How to write when you don't feel like it

This blog post is not where I tell you to have an outline, learn the writing craft, to make a writing playlist or even to read books by authors who inspire you. Nope, these are tips on how to write when you don't feel like it, but actually already have done all those things I mentioned.

These are writers block tips that always work no matter what because they make you actually write instead of putting your attention elsewhere and essentially making you procrastinate with great, creative excuses.

I guarantee you, these tips aren't anywhere else on the internet because this is what my brain comes up with when I'm struggling myself. Stuff that works. For me, at least.

Creativity is key. Think outside the box, or you'll have to live inside it forever. Doesn't sound that great, does it?

Now, here's a disclaimer.

No, there's no disclaimer.

This works and always will work for me, and you need to fully believe that they will work for you too. Because you want to write, right? So you will write, no matter what. 


1. Steal from another author

Flip open a book, pick a random line and write that in your novel. Now you've got a couple words, it's your turn to write and keep going.

2. Go back to those good ol' days when storytelling was a reward in itself

Play with toys. If you don't have any toys laying around, use something else. Like maybe coins. Or plants.

"This is Emery. This is Fylkir. Now they're going to have a neat conversation, and it goes like this..."

It's silly, but it's no wonder kids are so creative. Most likely you started writing stories as a child. Go back to your roots! It always works.

3. Write on a strangely shaped paper

Here's what you do:

You take a piece of paper and cut it into a random shape. Then you start to write stuff on it, and most likely you're going to find that paper too small to fit all the things you want to write, so you get a new paper, or you move over to your laptop.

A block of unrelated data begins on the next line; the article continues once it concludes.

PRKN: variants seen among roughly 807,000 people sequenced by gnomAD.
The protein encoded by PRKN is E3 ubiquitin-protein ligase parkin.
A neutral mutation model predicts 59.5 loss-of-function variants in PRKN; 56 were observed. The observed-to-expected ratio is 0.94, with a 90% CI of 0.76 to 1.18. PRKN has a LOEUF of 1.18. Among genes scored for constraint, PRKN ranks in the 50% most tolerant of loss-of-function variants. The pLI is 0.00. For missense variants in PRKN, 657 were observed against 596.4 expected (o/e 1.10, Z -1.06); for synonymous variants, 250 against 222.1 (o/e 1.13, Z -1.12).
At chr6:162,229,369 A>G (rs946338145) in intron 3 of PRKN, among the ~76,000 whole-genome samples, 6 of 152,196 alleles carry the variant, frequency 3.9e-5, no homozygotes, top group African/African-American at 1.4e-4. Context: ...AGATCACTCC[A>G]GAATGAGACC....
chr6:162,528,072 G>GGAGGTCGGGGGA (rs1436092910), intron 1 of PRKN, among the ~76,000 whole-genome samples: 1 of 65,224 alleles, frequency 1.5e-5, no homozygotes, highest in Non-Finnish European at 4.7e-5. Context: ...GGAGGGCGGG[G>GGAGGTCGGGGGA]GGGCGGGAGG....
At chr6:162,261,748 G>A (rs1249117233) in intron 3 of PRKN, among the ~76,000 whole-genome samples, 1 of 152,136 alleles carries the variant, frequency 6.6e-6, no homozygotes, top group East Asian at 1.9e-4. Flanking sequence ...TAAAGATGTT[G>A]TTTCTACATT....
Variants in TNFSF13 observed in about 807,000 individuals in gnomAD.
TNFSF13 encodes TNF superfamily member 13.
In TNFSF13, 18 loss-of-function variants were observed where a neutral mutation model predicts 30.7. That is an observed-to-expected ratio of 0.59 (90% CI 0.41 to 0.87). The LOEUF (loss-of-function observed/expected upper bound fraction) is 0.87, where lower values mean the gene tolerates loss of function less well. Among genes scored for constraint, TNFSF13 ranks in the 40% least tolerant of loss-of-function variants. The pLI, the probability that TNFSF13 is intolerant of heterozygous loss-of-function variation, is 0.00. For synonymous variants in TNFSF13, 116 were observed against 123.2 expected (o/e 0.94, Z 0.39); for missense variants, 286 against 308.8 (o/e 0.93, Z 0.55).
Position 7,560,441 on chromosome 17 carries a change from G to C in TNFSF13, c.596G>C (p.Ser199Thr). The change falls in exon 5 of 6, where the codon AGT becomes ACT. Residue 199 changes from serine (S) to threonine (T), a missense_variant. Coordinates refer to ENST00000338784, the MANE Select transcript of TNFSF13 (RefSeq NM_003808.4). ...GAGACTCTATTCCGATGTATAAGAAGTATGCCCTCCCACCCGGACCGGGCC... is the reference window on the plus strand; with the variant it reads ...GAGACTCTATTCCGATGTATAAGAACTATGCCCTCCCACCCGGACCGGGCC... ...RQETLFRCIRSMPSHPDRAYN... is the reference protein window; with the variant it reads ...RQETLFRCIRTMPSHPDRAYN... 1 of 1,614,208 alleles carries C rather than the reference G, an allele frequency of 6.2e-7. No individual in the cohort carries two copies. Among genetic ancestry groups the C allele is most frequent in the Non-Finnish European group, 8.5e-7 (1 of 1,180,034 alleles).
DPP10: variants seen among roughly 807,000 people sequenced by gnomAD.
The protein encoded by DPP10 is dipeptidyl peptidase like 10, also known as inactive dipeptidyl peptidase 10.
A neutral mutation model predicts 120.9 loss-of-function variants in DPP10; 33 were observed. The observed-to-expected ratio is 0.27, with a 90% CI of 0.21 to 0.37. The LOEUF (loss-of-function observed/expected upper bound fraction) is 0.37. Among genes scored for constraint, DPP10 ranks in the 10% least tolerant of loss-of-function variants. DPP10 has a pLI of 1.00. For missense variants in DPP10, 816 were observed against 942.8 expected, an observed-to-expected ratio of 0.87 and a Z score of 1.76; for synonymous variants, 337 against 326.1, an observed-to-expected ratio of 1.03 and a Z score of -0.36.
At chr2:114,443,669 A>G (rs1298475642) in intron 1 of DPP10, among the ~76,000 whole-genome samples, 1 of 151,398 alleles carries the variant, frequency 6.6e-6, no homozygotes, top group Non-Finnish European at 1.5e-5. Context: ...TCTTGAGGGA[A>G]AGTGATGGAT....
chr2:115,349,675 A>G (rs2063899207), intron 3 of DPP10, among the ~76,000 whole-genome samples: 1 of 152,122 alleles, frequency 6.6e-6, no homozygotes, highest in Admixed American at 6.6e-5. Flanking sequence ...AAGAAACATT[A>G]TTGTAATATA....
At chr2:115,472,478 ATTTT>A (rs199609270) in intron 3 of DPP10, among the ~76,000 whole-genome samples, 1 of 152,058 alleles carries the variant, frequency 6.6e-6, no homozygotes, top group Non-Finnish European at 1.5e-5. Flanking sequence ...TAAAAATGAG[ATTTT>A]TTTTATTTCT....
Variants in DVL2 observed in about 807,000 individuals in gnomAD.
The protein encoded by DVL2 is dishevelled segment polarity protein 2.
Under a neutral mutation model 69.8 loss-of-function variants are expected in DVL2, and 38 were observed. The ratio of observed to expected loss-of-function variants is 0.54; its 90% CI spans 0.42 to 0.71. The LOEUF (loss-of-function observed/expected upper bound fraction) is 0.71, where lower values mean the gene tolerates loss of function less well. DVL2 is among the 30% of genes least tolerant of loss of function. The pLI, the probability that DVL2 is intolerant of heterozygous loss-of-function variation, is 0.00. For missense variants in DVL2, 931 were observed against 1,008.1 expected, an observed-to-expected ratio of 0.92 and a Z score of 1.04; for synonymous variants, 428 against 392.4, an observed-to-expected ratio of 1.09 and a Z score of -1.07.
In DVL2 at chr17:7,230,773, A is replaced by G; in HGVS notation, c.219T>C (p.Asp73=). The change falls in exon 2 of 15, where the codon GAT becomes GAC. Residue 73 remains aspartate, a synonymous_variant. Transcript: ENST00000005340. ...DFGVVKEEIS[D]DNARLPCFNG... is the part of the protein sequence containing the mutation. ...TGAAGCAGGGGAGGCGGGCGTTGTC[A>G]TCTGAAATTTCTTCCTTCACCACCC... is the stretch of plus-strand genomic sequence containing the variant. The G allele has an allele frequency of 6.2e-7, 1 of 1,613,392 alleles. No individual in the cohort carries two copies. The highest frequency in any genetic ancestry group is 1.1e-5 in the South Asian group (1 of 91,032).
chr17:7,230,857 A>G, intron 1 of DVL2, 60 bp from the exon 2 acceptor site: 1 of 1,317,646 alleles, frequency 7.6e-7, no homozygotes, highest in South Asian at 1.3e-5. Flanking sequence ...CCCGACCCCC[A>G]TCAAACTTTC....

Suddenly you realise you've actually written stuff without even noticing. The secret is to be as random as possible and have no expectations of yourself.

And those two rules apply for writing the first draft of anything. We just always forget that.

4. Let the inner Ellen loose!

Take out your phone and start recording a make belief podcast where you're answering questions about your novel and why you're so passionate about it. This will feel weird (unless you're like me and always talk to yourself anyway), but you're going to get inspired.

If you have nothing to say about your novel, then you have a clear sign that you need to move on and find a new project. If you aren't passionate about what you're working on, it's never going to happen. You'll just keep getting stuck.

5. Engage your senses

Take a break, do something physical. Go for a walk, do some dishes, clean your room. (Sometimes when I do chores I narrate the action inside my head. It's bizarre and the outcome would be hilarious, but the thing is I never write that inner prose down. It's just fun inspiration.)

When you're done, you get back to writing. Because if you truly want to tell this story, then you're going to drop all excuses and you're going to sit down and write.

"But it's hard."


Sometimes it's dreadful and you hate yourself for putting yourself through it. But like I said, if this story really is your thing, you're going to write it no matter what.

Trust your words and trust me when I say, just keep writing. Let yourself write absolute trash, because in a couple weeks you'll realize that it isn't absolute trash. It's a story. And you created it.

So now, get off the internet and get writing. Even if it's just one line, it's one more line than you would've written otherwise.

You've come this far already, so now you just have to squeeze out a little bit of work, and then you can give yourself a huge scoop of chocolate ice cream. Or reward yourself with some more writing.

And that is how I write every day.

You should too.

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